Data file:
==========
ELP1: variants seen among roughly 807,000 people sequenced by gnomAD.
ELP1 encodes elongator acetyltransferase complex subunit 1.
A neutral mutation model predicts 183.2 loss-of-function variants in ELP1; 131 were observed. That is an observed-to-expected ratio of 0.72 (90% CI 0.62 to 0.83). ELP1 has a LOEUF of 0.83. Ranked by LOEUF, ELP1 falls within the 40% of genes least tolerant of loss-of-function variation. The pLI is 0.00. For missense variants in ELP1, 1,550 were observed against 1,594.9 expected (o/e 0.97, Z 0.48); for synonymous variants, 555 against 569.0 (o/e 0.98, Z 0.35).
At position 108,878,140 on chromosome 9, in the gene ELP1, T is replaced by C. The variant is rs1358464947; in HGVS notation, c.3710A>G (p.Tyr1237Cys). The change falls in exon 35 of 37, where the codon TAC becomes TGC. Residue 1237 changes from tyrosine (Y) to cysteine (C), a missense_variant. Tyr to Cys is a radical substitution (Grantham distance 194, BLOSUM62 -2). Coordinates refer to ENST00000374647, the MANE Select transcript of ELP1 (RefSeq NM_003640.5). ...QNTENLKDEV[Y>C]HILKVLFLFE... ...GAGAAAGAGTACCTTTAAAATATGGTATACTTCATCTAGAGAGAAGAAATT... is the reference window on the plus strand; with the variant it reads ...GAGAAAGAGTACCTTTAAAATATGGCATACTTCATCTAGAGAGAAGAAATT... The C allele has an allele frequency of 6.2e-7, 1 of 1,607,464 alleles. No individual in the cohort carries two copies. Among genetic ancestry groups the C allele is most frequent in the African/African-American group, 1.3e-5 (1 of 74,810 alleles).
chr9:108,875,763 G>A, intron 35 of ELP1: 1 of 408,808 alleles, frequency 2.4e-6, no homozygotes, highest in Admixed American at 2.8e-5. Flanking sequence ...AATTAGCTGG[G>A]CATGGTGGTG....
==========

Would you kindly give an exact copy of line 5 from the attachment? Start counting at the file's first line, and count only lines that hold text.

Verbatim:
chr9:108,875,763 G>A, intron 35 of ELP1: 1 of 408,808 alleles, frequency 2.4e-6, no homozygotes, highest in Admixed American at 2.8e-5. Flanking sequence ...AATTAGCTGG[G>A]CATGGTGGTG....